We’ve all seen the “Got Milk?” ads featuring celebrities sporting milk mustaches, but is cow’s milk really all it’s cracked up to be? Everyday Health recently posted an article examining how cow’s and plant-based milks compare in terms of cholesterol content. The results may make you second-guess what you use to top your morning cereal.
If you’re watching your cholesterol, then choose 2%, 1%, or skim milk instead of whole milk. These milks contain 22, 13, and 4 milligrams of cholesterol, respectively, in comparison to 35 milligrams of cholesterol in whole milk. Powdered milk is an equally nutritious and economical option.
Raw, unpasteurized milk may sound enticing thanks to the recent fixation with unprocessed foods, but studies find it’s better to stick with pasteurized milk. The risk of catching a foodborne illness from raw milk is 150 times that of pasteurized milk. Especially during finals week, you don’t want to make a choice that might cost you a few days of illness.
For dairy-free milk, look to soy, almond, rice and hemp milk. Plant-derived milks are free of cholesterol and saturated fats because these compounds are only found in animal matter. Depending on how much sweetener is added, this type of milk ranges between 70 and 140 calories per 8 ounce serving. They even contain nutrients that cow’s milk lacks. Almond milk has vitamins E and B12, while soy, rice and hemp milk contain compounds that can help improve your cholesterol profile.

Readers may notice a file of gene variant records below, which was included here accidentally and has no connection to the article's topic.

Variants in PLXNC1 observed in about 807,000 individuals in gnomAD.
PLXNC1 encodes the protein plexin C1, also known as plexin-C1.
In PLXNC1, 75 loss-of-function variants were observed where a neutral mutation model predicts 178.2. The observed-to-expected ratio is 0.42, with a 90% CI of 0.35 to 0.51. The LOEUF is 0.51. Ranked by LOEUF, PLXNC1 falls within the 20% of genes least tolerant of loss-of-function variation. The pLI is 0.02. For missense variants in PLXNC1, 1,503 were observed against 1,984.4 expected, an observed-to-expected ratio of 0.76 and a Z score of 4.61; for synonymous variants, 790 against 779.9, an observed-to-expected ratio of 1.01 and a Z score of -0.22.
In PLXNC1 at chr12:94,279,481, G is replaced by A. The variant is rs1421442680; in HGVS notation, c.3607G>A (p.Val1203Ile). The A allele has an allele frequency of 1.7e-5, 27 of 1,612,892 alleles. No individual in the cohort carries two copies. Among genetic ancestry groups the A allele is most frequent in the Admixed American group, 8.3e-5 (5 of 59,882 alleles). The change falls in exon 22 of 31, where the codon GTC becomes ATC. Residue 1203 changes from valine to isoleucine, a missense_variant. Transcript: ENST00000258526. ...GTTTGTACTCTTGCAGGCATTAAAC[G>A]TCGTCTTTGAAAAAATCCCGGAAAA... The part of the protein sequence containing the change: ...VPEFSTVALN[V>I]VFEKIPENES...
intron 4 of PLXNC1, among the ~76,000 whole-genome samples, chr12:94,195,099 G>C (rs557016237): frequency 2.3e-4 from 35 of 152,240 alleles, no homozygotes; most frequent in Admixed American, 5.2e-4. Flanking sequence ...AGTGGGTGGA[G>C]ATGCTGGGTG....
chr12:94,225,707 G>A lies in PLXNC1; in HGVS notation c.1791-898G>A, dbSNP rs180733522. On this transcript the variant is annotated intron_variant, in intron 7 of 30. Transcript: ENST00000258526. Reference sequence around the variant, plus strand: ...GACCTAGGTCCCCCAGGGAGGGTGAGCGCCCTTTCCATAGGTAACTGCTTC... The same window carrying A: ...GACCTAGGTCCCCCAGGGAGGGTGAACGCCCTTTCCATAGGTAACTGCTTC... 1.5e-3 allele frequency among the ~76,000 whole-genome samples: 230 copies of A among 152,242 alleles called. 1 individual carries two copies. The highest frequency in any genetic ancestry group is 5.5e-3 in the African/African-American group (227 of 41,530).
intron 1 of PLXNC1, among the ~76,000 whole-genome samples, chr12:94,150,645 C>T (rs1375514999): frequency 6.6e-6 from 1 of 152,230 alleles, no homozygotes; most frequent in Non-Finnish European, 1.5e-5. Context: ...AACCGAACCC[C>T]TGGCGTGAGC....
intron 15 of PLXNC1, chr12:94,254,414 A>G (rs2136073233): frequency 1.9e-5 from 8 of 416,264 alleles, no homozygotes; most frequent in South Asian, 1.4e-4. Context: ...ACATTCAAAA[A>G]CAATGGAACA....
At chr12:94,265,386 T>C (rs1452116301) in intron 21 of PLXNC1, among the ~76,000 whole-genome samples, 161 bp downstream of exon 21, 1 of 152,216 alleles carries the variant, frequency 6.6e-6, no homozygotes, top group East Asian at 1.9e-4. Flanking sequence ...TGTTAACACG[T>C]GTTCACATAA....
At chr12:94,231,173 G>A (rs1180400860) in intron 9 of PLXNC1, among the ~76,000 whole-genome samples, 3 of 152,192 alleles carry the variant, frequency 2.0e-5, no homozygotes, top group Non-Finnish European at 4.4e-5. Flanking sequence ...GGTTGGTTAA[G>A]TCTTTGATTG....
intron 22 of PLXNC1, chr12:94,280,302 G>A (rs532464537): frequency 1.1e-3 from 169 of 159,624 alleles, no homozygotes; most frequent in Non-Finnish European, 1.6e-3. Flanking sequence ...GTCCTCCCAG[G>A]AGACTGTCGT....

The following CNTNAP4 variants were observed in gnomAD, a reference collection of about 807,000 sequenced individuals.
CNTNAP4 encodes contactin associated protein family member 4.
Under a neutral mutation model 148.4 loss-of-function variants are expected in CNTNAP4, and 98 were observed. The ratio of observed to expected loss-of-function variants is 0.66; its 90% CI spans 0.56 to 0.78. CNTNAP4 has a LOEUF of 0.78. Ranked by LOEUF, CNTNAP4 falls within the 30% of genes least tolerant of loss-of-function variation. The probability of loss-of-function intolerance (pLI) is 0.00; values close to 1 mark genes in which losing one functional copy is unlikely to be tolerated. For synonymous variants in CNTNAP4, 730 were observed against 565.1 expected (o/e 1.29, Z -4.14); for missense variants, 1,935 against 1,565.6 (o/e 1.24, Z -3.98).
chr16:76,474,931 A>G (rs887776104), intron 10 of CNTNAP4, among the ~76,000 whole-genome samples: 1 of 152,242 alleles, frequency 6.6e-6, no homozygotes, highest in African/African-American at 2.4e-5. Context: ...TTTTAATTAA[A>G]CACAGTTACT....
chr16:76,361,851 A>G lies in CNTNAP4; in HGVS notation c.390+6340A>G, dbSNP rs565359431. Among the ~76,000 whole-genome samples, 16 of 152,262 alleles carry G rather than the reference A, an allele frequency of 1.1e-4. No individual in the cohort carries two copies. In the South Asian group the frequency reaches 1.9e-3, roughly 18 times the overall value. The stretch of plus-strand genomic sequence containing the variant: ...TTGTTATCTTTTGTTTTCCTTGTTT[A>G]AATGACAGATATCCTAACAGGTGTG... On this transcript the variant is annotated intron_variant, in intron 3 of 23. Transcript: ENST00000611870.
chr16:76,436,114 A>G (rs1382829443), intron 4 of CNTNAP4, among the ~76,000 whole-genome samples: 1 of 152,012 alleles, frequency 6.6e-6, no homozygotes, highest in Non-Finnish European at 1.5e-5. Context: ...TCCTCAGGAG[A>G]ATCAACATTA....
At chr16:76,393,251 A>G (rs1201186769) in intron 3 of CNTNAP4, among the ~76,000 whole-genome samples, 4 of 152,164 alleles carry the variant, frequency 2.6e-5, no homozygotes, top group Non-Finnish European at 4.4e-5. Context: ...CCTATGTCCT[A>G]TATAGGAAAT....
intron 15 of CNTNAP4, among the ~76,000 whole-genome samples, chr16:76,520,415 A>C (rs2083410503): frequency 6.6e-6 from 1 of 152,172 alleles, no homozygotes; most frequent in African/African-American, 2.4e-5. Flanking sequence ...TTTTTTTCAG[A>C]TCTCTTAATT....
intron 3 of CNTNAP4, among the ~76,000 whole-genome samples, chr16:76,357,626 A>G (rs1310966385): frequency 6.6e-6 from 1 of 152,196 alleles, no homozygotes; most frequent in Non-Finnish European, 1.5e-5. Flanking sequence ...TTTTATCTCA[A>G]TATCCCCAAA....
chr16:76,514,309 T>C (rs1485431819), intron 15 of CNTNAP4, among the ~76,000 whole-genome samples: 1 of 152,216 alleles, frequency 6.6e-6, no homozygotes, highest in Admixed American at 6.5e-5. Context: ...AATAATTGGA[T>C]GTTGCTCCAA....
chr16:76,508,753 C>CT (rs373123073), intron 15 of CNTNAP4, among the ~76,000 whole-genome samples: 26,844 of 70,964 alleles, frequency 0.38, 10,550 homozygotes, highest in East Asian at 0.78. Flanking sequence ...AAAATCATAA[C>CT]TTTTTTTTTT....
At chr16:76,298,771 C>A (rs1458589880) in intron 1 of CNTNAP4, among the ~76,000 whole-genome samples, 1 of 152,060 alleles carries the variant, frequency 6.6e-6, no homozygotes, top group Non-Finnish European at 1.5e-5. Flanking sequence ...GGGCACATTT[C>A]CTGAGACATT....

When considering the nutritional value of milk, it is important to consider your own lifestyle and needs. There are two types of milk that the article lists it as “Don’t,” but we prefer to categorize them as “Maybe.” In terms of cholesterol, Muscle Milk and whole milk are not the best options. However, depending on your lifestyle, you might need some extra protein and fat, and if this is the case then cholesterol likely isn’t an issue for you.
Coconut milk has not been widely-researched, so its effects on cholesterol are not yet known. However, the fat in coconut milk may increase high-density lipoproteins (the good type of cholesterol) and decrease low-density lipoproteins (the bad type). It is also high in vitamin D and calcium.
Note: The Everyday Health article we have consulted was appreciably written by a doctor and reviewed by another doctor. It is difficult to find accessible health information on the internet that you can trust, and the fact that two doctors have attached their names to this article makes it much more credible. However, while the article uses “do” and “don’t” references to these milk choices, every body is different, and we all need different foods to sustain us and keep us healthy. Eating is not one-size-fits-all, so take the “do” and “don’t” mandates with a grain of salt.